We have many observations of the eruption stage in a sigmoid's life, such as this classic (click on thumbnail to see a larger version), but our Whole Sun Month 3 observations allowed us to see how the region behaved over a much longer time.
There was a huge quantity of data to assimilate, but we will concentrate on two types; the SXT observations, and H alpha observations. H alpha observations show up a filament - a long narrow mass of cool, dense material suspended in the solar atmosphere and approximately aligned with the SXT sigmoid. This shows up as a dark straggly line on H alpha images.
Click here for an SXT whole sun movie for that week, and here for an H alpha movie showing the northern hemisphere. Watch for the region which rotates across the northern hemisphere, crossing the central meridian about August 19th. You will see that the SXT region is active in the beginning, with flares and cusps, while the H alpha filament develops then disappears, then reappears again.
Below is a series of thumbnails, roughly one per day of the active region seen by SXT and the filament seen in H alpha by the Big Bear Solar Observatory. Each thumbnail links through to a page describing briefly the evolution of the sigmoid and its associated filament.
So what we see is that the `S'-shaped filament and the SXT sigmoid form at different times. When it first appears, the SXT active region is very bright and active, while the filament is forming. When the filament is at its best, the active region has not yet settled back down into a symmetric `S'. And by the time the SXT sigmoid is at its best, the filament has upped and gone.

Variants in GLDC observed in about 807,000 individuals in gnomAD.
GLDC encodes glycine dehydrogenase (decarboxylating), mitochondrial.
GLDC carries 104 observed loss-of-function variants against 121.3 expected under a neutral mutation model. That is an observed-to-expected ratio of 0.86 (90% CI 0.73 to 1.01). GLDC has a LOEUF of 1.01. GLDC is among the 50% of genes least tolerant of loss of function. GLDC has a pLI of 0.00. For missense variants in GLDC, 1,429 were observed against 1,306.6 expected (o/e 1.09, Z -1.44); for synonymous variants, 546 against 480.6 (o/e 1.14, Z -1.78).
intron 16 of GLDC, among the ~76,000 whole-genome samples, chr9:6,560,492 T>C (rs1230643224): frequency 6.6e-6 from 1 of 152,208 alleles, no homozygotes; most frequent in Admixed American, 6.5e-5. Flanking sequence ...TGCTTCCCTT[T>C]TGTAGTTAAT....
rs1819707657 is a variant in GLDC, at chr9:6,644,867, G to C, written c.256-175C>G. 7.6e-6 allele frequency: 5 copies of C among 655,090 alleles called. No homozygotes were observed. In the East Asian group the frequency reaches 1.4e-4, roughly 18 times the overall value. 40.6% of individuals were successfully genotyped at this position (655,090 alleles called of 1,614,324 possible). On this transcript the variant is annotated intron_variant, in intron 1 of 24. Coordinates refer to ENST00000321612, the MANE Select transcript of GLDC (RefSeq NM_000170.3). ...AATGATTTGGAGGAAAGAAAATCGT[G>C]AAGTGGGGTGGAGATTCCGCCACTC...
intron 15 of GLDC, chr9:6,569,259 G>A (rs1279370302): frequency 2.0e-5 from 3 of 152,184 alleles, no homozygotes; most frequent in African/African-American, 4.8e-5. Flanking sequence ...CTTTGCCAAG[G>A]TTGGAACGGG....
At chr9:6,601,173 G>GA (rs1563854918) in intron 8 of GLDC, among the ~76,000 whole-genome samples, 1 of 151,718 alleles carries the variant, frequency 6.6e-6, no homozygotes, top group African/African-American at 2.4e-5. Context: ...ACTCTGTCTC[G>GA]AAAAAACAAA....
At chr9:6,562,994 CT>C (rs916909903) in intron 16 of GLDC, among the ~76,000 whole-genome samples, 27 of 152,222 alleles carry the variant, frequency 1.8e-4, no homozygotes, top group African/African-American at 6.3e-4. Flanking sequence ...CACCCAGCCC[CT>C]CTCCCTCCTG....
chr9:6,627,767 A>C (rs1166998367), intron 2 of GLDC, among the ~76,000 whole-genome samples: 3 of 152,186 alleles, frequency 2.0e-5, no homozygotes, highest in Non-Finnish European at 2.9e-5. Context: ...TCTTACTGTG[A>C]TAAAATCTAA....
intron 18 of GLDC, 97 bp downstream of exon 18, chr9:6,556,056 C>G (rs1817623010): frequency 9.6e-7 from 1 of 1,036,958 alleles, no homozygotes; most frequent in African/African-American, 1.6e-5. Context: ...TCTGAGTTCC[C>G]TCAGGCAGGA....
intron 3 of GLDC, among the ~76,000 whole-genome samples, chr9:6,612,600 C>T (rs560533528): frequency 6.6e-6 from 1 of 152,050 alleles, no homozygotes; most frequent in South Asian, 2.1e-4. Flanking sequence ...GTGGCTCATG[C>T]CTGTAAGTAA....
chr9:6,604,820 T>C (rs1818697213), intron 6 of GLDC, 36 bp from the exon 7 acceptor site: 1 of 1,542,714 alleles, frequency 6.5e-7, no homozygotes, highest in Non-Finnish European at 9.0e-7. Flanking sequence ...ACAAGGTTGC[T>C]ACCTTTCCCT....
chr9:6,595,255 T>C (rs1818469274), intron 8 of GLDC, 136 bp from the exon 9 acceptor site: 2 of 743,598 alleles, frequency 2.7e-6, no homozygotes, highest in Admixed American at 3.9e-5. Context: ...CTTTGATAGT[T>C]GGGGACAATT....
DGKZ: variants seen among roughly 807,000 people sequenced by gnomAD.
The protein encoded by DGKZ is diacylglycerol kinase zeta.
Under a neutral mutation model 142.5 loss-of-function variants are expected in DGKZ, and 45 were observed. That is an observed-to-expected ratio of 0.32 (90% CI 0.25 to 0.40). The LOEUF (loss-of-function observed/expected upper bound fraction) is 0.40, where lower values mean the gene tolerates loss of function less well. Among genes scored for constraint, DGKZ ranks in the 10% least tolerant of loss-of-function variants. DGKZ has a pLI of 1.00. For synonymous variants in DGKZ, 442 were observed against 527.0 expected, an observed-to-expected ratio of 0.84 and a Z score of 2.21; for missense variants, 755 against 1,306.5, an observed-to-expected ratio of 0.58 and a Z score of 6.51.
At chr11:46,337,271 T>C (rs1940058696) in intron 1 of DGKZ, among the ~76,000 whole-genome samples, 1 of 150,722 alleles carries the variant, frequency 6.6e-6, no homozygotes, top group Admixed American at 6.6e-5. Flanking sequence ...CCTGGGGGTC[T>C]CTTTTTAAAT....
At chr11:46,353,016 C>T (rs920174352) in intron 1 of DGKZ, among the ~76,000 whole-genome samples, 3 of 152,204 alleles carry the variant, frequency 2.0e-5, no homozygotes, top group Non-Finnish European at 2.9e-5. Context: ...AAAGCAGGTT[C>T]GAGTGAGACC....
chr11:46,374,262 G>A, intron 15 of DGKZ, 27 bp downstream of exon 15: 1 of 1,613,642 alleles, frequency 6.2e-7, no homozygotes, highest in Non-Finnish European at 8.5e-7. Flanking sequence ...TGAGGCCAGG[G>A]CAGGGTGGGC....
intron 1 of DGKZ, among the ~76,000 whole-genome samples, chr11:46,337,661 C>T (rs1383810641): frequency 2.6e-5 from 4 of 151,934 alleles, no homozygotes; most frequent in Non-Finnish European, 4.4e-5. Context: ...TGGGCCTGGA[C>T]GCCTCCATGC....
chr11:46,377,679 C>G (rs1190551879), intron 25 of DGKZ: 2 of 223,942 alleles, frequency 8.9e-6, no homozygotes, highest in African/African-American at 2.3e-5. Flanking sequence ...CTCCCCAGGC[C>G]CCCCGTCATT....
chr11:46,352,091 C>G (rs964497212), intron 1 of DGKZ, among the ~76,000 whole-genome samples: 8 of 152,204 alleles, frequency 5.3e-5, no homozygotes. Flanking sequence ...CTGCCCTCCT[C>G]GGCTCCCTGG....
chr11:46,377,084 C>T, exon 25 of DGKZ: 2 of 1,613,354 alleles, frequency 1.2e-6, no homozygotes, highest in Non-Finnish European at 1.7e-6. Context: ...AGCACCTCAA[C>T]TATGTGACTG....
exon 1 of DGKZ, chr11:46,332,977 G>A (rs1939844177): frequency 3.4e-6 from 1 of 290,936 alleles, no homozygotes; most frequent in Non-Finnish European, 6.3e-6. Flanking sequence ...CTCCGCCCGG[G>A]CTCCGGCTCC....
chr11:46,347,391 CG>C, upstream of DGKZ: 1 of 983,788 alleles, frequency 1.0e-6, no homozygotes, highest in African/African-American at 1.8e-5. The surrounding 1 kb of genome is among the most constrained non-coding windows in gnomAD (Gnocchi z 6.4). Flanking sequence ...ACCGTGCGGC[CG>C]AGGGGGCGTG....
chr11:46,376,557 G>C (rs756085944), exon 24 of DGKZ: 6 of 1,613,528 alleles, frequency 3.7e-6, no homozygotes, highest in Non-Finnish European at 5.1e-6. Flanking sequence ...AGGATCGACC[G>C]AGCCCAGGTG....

To try and understand the evolution of the region, we have to consider what it is that allows us to see the SXT loops and the H alpha filament, and why they are S-shaped. First of all, we think that the S-shapes show up because the magnetic field in a sigmoidal active region has an inherent twist. Twist means stored energy (which can in principle be measured). But we do not see all of the S's - all of the field - all of the time.
We think that we see the sigmoid in SXT when some subset of this twisted field, or the interface between it and the rest of the corona, is being heated and excited. The filament, on the other hand, needs stability. Stable magnetic support is necessary for the dense filament to stay up in the corona - without it the material would drain back down into the photosphere.
We also know that the H alpha filament is formed low down in the atmosphere whereas the SXT loops are much larger and higher, as this series of images of another filament shows. In effect, the SXT loops surround the filament.
So we propose that during the first couple of days, the active region, loaded with energy, is `settling into' the corona. As it does so, loops high up in the active region (which butt up against the rest of the coronal field) flare and make cusps, and are therefore bright in SXT. But as it flares the region also is getting rid of some of its pent-up energy and quieting down. Note, it can't get rid of all of its extra energy as global helicity must be conserved (i.e. the sum of the twist of the active region and the twist of the surroundings); therefore the active region maintains its S shape. The field becomes more stable, and the filament can form. The filament becomes fat and healthy as the magnetic field enters a period of a couple of days of calm - but the quiet is deceptive. The magnetic field is continually changing in the active region, driven by changes lower down, and around the 21st it is disrupted enough that the filament starts to move and disintegrate. As a result the overlying magnetic field has to find a new equilibrium in its coronal home, and starts to interact and rearrange itself, resulting in the brightening up of the SXT sigmoid.This is of course only one of many possible interpretations, but it seems to fit the picture, and also explains lots of other data which we don't present here. Fingers crossed our referee will like it!